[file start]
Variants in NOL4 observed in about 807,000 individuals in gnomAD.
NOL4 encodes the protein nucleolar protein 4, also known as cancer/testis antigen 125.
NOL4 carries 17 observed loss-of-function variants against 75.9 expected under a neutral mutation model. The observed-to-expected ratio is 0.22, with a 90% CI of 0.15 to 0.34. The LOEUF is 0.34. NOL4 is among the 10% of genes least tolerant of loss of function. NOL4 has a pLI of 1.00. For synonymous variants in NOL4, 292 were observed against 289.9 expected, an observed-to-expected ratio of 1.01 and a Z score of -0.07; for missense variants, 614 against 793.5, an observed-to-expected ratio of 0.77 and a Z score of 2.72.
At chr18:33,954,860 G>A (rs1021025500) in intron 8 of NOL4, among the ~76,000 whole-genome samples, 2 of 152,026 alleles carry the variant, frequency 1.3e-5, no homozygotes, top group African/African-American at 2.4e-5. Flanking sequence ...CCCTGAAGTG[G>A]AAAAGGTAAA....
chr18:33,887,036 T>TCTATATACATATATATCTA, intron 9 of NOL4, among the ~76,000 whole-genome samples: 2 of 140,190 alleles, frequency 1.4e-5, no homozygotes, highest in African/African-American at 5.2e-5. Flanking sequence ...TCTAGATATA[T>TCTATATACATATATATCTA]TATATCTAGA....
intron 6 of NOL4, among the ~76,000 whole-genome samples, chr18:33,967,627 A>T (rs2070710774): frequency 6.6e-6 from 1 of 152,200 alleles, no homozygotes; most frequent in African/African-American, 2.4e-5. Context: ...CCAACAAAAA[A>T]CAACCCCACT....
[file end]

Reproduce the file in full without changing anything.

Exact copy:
Variants in NOL4 observed in about 807,000 individuals in gnomAD.
NOL4 encodes the protein nucleolar protein 4, also known as cancer/testis antigen 125.
NOL4 carries 17 observed loss-of-function variants against 75.9 expected under a neutral mutation model. The observed-to-expected ratio is 0.22, with a 90% CI of 0.15 to 0.34. The LOEUF is 0.34. NOL4 is among the 10% of genes least tolerant of loss of function. NOL4 has a pLI of 1.00. For synonymous variants in NOL4, 292 were observed against 289.9 expected, an observed-to-expected ratio of 1.01 and a Z score of -0.07; for missense variants, 614 against 793.5, an observed-to-expected ratio of 0.77 and a Z score of 2.72.
At chr18:33,954,860 G>A (rs1021025500) in intron 8 of NOL4, among the ~76,000 whole-genome samples, 2 of 152,026 alleles carry the variant, frequency 1.3e-5, no homozygotes, top group African/African-American at 2.4e-5. Flanking sequence ...CCCTGAAGTG[G>A]AAAAGGTAAA....
chr18:33,887,036 T>TCTATATACATATATATCTA, intron 9 of NOL4, among the ~76,000 whole-genome samples: 2 of 140,190 alleles, frequency 1.4e-5, no homozygotes, highest in African/African-American at 5.2e-5. Flanking sequence ...TCTAGATATA[T>TCTATATACATATATATCTA]TATATCTAGA....
intron 6 of NOL4, among the ~76,000 whole-genome samples, chr18:33,967,627 A>T (rs2070710774): frequency 6.6e-6 from 1 of 152,200 alleles, no homozygotes; most frequent in African/African-American, 2.4e-5. Context: ...CCAACAAAAA[A>T]CAACCCCACT....